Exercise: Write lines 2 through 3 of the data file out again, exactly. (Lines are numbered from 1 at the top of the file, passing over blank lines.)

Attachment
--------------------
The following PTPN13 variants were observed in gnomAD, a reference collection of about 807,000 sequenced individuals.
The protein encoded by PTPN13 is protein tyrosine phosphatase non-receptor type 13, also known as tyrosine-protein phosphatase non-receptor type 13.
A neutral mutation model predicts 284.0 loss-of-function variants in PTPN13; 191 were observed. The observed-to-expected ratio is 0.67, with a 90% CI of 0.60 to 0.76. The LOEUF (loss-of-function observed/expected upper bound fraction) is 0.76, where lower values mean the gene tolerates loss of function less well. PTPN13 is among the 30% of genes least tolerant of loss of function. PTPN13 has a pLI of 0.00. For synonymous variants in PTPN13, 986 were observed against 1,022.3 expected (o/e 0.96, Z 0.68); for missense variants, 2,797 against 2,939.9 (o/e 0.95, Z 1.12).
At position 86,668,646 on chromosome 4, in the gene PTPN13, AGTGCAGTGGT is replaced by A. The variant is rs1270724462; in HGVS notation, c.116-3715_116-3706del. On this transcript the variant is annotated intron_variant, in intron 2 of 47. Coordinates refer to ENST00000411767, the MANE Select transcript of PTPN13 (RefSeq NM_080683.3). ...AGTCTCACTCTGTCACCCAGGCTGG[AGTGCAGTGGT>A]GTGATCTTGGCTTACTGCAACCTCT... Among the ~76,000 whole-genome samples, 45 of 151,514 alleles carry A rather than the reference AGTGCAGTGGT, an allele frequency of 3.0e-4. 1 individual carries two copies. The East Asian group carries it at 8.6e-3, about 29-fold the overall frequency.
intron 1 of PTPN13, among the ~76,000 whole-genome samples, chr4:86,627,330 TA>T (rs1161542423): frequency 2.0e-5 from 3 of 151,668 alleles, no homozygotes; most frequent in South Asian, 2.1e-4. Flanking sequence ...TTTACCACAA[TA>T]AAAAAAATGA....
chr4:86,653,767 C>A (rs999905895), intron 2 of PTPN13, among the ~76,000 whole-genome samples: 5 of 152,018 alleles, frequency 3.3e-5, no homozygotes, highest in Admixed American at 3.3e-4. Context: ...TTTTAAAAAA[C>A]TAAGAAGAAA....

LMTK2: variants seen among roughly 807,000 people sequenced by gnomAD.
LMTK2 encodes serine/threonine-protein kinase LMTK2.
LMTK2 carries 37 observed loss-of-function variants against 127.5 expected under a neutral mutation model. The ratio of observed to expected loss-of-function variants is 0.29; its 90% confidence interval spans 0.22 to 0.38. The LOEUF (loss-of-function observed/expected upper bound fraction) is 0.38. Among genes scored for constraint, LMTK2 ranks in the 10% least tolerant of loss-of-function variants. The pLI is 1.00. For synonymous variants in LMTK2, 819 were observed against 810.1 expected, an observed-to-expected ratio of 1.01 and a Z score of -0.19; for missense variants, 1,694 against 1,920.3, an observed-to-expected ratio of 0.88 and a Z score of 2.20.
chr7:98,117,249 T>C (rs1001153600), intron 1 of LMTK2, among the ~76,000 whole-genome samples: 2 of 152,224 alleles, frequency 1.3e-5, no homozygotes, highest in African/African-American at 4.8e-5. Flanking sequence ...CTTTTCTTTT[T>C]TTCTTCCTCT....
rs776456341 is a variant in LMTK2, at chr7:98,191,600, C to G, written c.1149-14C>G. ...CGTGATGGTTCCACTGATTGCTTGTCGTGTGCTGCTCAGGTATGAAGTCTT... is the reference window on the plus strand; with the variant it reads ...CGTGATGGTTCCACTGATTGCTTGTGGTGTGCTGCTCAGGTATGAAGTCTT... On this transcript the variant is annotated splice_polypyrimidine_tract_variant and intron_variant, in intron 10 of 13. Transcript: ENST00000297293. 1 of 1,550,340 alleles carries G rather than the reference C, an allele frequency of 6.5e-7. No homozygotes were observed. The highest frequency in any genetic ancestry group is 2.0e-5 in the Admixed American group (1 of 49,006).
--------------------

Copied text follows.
The protein encoded by PTPN13 is protein tyrosine phosphatase non-receptor type 13, also known as tyrosine-protein phosphatase non-receptor type 13.
A neutral mutation model predicts 284.0 loss-of-function variants in PTPN13; 191 were observed. The observed-to-expected ratio is 0.67, with a 90% CI of 0.60 to 0.76. The LOEUF (loss-of-function observed/expected upper bound fraction) is 0.76, where lower values mean the gene tolerates loss of function less well. PTPN13 is among the 30% of genes least tolerant of loss of function. PTPN13 has a pLI of 0.00. For synonymous variants in PTPN13, 986 were observed against 1,022.3 expected (o/e 0.96, Z 0.68); for missense variants, 2,797 against 2,939.9 (o/e 0.95, Z 1.12).